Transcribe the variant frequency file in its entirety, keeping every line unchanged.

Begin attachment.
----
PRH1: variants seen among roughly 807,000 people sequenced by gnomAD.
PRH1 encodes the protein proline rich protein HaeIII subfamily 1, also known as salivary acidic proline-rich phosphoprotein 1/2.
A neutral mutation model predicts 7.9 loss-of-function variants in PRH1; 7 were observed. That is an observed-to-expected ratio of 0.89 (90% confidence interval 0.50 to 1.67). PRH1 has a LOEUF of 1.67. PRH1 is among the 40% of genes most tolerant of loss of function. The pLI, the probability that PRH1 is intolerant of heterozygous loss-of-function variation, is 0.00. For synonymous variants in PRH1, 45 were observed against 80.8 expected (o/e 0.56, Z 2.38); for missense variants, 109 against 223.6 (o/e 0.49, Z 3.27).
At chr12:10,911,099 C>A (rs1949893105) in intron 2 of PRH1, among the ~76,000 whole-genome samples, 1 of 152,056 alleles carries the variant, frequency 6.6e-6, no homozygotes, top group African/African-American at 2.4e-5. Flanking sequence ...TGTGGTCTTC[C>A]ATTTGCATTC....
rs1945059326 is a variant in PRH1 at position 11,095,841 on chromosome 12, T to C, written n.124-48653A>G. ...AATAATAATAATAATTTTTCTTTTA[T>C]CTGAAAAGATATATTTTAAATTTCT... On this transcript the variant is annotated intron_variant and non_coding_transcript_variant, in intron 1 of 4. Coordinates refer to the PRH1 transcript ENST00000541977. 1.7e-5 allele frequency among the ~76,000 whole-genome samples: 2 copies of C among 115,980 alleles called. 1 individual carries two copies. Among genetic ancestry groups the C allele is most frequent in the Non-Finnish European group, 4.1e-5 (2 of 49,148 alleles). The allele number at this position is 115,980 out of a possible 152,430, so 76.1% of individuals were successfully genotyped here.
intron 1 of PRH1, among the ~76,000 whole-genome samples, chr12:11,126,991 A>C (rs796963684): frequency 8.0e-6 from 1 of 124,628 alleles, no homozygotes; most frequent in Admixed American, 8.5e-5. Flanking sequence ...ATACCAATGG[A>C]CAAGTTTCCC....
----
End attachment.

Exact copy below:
PRH1: variants seen among roughly 807,000 people sequenced by gnomAD.
PRH1 encodes the protein proline rich protein HaeIII subfamily 1, also known as salivary acidic proline-rich phosphoprotein 1/2.
A neutral mutation model predicts 7.9 loss-of-function variants in PRH1; 7 were observed. That is an observed-to-expected ratio of 0.89 (90% confidence interval 0.50 to 1.67). PRH1 has a LOEUF of 1.67. PRH1 is among the 40% of genes most tolerant of loss of function. The pLI, the probability that PRH1 is intolerant of heterozygous loss-of-function variation, is 0.00. For synonymous variants in PRH1, 45 were observed against 80.8 expected (o/e 0.56, Z 2.38); for missense variants, 109 against 223.6 (o/e 0.49, Z 3.27).
At chr12:10,911,099 C>A (rs1949893105) in intron 2 of PRH1, among the ~76,000 whole-genome samples, 1 of 152,056 alleles carries the variant, frequency 6.6e-6, no homozygotes, top group African/African-American at 2.4e-5. Flanking sequence ...TGTGGTCTTC[C>A]ATTTGCATTC....
rs1945059326 is a variant in PRH1 at position 11,095,841 on chromosome 12, T to C, written n.124-48653A>G. ...AATAATAATAATAATTTTTCTTTTA[T>C]CTGAAAAGATATATTTTAAATTTCT... On this transcript the variant is annotated intron_variant and non_coding_transcript_variant, in intron 1 of 4. Coordinates refer to the PRH1 transcript ENST00000541977. 1.7e-5 allele frequency among the ~76,000 whole-genome samples: 2 copies of C among 115,980 alleles called. 1 individual carries two copies. Among genetic ancestry groups the C allele is most frequent in the Non-Finnish European group, 4.1e-5 (2 of 49,148 alleles). The allele number at this position is 115,980 out of a possible 152,430, so 76.1% of individuals were successfully genotyped here.
intron 1 of PRH1, among the ~76,000 whole-genome samples, chr12:11,126,991 A>C (rs796963684): frequency 8.0e-6 from 1 of 124,628 alleles, no homozygotes; most frequent in Admixed American, 8.5e-5. Flanking sequence ...ATACCAATGG[A>C]CAAGTTTCCC....